Throughout the years Alaska is steeped rich in history and no place more so than Skagway.  This is a small town, with only 850 year round residents, that has preserved and lives off its reputation from over a century ago.  Visiting Skagway is stepping back to the late 1890’s when the town was the bustling gateway to the gold rush of 1898 in the Yukon Territory.

Most of the buildings, built in the late 1890’s or early part of the 20th century are still standing.  Their original intended use long gone but conveniently converted for the tourist trade to what appears to be a staggering 75% jewelry stores, the other 25% souvenir stores.  Wooden sidewalks line both sides of the streets.  The local visitors bureau has people dressed in period clothing in the streets dispensing directions and information to anyone asking.

The most famous building in town is the Red Onion Saloon.  As in any old western town, this was the local bar and house of ill-repute.  Another landmark is the AB building, Alaska Brotherhood, built in 1899, the exterior walls decorated with thousands of pieces of driftwood.

Several excursions have an ‘old time’ theme.  Tour the city in a 1927 yellow bus, the driver and narator dressed in 20’s outfits.  Be entertained at an old fashioned melodrama show, Days of ‘98.  Go gold panning at Liarsville Trail Camp and show and so much more.

The most popular excursion is the narrow gauge train ride from Skagway to the summit on the White Pass & Yukon Railroad.  The train hugs the sides of the mountains and crossed deep ravines in vintage rail cars.  This is possibly the most scenic railroad in the world.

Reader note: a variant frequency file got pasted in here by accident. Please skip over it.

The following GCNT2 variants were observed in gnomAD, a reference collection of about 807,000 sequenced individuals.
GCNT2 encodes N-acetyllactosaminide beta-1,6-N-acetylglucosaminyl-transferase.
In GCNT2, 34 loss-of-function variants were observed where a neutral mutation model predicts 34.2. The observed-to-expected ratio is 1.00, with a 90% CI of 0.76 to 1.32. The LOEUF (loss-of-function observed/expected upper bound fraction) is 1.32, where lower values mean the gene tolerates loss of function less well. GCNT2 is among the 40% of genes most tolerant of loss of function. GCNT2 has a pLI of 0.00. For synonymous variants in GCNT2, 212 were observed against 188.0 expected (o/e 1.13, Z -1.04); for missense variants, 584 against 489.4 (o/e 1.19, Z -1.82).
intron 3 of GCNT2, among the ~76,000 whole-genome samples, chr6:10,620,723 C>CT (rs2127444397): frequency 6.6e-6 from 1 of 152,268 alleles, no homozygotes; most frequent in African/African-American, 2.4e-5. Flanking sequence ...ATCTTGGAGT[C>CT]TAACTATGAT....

Having previously taken the W.P. & Y. RR, we decided to take a mini-bus tour through the wilderness and into the Yukon Territory in Canada.  The road taken is the only one connecting Skagway with the outside world, going through part ofCanada before connecting with the Alaska Highway.  From Skagway to Seattle is a 1600 mile trip. This road was not built until the early 70’s.

On our journey into the Yukon we stopped at several waterfalls for photo opps.  At one such stop there was a small rainbow hovering above a pond that the waterfall splashed into.  Close enough to touch but no pot of gold at the base of the rainbow unfortunately.

The views of several glaciers, rugged peaks, and valleys far below the road running to the sea was breath-taking.  At one point we could see the long winding train tugging up the side of the mountains across the valley from our view point.  The railroad tracks were laid on the south side of the valley with the highway on the north side of the valley.

We crossed a very unusual suspension bridge as we continued onto the White Pass summit.  A short distance from the summit we crossed the Canadian border and shortly after that we arrived at a scenic vista point.  Before us lay a barren, windy, wide plateau; the beginning of the Yukon Territory.

This excursion enabled us to experience a small portion of the rugged wilderness and interior of Alaska.

Until tomorrow,
Bon Voyage

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